All Mercy services have reopened! See how we’re keeping you safe and use our interactive COVID-19 screening tool.
Electroconvulsive therapy (ECT) is typically used when other treatments, including medications and psychotherapy, haven’t been successful in managing mental illness. Your Mercy provider may also recommend ECT for you if you need a rapid treatment response due to the severity of your condition, such as being at risk for suicide.
ECT involves brief electrical stimulation of the brain while the patient is under anesthesia. It’s typically administered by a multispecialty team including a psychiatrist, an anesthesiologist and a nurse or physician assistant. ECT is normally done as an outpatient procedure to treat major depression and other mental illnesses, such as bipolar disorder and schizophrenia.
Before each treatment, you’ll be given general anesthesia and a muscle relaxant. Electrodes which stimulate your brain with controlled electrical pulses will be attached to your scalp. The pulses induce electrical stimulation that lasts for about a minute. You’re asleep during the procedure and will typically wake up after 5-10 minutes, as with a minor surgery. You’ll be able to resume normal activity in about an hour.
ECT’s electrical stimulation increases brain activity. The exact process of how ECT improves symptoms is not fully understood, but your mood and behavior are influenced by a delicate balance of brain chemicals. While the chemicals in your brain were out of balance before, ECT can shift these chemicals back to normal. As a result, you may notice improvements in your symptoms.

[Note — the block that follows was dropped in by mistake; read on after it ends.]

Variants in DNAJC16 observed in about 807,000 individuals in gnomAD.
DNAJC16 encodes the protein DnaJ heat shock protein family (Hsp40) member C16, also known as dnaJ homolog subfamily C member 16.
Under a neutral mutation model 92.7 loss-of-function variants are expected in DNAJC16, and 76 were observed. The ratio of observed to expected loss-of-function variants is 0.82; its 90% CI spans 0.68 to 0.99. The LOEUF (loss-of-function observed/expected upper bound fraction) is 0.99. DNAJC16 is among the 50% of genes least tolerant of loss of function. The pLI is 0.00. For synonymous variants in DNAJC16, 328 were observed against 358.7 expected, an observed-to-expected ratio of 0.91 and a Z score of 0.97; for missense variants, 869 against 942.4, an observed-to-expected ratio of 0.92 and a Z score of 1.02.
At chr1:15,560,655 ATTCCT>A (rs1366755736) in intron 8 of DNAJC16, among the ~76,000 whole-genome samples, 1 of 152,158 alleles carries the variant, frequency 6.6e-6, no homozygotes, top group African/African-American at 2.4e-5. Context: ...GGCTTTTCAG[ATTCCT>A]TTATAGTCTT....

Prior to ECT treatment, you'll need a full evaluation. The following exams help ensure that ECT is safe for you.
Some patients report temporary confusion immediately following treatment which can last from a few minutes to a few hours. They might also report physical effects, such as headaches, muscle pain and nausea.
Other side effects can include:
Side effects of ECT are rare and can normally be prevented through proper pre-diagnosis.
Although ECT can be very effective for individuals with serious mental illness, it’s not a cure. To prevent the illness from returning, most people treated with ECT must continue some type of maintenance treatment. Maintenance could include psychotherapy, medication or additional ECT treatments.
Mercy offers ECT at select locations, talk to your Mercy provider to find out if ECT is right for you. We provide care with compassion and dignity to help you restore a healthy emotional balance.
At Mercy, we offer comprehensive services to diagnose and treat a full range of conditions, including:
At Mercy, we offer comprehensive testing services to diagnose conditions and injuries, including: